Jrue Holiday taking extra precautions to avoid re-injury

METAIRIE, La. -- So far, the cautious approach has worked for New Orleans Pelicans point guard Jrue Holiday.

After a stress reaction in his right leg forced the point guard to miss 42 games last season, Holiday, who missed 48 games two seasons go with a stress fracture in the same leg, was put on a strict minutes limit to start the season. The restriction also kept him out of one end of back-to-back games until the end of December.

Holiday has shined since, with averages of 18.3 points and 7.1 assists per game after the new year while coming off the bench, a role he said he prefers because of the rhythm he can find in longer stretches without being subbed out. But the seventh-year guard admitted on Saturday that he still worries about possible setbacks.

“All the time,” Holiday said. “Obviously, anything can happen. One bad move or something like that, I’ll be right back where I started. I guess I think about it after the fact, when I’m not out on the court. I have to go out there and give it my all and stuff. If it happens, it happens.”

Holiday, 25, is still doing what he can to avoid re-injury, including sitting out of Saturday’s practice. He said he only scouted Sunday’s opponent, the Detroit Pistons, ran over some plays and got routine treatment from the training staff.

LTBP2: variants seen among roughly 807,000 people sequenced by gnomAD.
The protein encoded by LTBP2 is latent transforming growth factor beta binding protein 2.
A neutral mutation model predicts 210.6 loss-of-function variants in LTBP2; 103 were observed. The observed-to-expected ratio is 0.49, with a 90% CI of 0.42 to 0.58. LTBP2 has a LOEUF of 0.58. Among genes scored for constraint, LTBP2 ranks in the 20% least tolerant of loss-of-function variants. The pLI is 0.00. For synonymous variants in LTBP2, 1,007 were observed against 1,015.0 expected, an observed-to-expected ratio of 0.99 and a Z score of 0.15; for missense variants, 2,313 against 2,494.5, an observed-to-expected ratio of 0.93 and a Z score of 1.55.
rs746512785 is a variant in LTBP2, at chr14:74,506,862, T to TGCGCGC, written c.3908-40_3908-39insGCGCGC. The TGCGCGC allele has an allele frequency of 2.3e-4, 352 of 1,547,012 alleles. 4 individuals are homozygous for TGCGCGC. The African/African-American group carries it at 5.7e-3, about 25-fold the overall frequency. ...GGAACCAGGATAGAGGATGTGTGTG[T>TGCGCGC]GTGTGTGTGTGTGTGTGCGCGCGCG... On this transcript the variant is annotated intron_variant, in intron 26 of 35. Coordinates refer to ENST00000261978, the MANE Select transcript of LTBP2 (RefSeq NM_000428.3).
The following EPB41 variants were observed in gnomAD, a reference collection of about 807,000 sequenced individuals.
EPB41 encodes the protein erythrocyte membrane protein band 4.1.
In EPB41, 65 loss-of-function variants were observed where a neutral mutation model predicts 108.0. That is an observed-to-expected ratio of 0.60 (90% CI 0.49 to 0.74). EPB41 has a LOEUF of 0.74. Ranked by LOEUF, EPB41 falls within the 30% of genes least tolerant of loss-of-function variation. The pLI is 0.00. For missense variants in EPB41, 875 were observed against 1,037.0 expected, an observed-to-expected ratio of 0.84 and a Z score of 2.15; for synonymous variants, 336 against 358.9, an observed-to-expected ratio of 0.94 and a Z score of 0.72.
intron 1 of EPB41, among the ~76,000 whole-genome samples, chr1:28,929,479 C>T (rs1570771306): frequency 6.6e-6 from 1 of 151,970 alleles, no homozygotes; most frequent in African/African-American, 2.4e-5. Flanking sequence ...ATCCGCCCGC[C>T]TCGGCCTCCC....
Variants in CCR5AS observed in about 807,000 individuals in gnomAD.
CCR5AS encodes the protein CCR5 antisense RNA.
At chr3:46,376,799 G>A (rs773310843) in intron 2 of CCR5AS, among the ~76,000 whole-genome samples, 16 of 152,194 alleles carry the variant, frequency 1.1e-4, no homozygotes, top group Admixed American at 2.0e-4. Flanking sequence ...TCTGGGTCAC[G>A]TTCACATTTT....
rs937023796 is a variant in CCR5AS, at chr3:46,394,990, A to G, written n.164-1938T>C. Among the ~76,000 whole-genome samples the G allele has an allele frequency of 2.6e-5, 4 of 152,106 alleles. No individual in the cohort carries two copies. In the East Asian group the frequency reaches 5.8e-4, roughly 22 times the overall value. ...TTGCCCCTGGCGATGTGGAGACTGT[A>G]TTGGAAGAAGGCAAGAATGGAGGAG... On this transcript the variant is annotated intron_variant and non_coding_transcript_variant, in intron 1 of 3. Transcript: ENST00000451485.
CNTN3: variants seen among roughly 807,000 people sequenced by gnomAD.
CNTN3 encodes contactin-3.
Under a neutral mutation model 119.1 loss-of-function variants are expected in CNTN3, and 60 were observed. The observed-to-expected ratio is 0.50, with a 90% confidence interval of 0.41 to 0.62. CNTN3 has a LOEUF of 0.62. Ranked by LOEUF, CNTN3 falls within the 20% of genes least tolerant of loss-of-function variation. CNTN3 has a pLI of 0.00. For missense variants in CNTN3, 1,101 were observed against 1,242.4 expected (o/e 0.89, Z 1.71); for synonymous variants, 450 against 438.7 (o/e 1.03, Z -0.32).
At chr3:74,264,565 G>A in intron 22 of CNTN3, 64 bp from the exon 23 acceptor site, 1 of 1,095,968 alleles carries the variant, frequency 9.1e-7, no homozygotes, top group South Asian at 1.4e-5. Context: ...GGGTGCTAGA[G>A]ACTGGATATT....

But Holiday says he’s able to forget about it when he’s on the court.

“I haven’t been feeling it on the court, and that’s been awesome,” he said. “When I go out there and play, I give it my all.”

Traded to New Orleans from the Philadelphia 76ers on draft night 2013 for two first-round picks (Nerlens Noel and, ultimately, Elfrid Payton, who was immediately traded to Orlando), Holiday has performed well when healthy. He has averaged 17.6 points, 7.9 assists and 3.2 rebounds a game with an 18.8 player efficiency rating (PER) in his three seasons in New Orleans -- all better than his four-year stint in Philadelphia (albeit in 176 fewer games).

He currently is second the NBA in scoring among players with fewer than 15 starts (15.2 PPG), behind Pelicans pal Ryan Anderson, and has a career-high PER of 20.30. He also ranks 14th among NBA point guards in ESPN’s real plus-minus (1.33).

“We’ve got to remember he was an All-Star guard before he got here,” said Pelicans coach Alvin Gentry. “And so with him, like I said, all the skills are there. Good 3-point shooter, gets the ball wherever he wants it, good passer. He just has a couple of plays where he loses concentration. That’s the only thing that separates him from [the elite] guys.”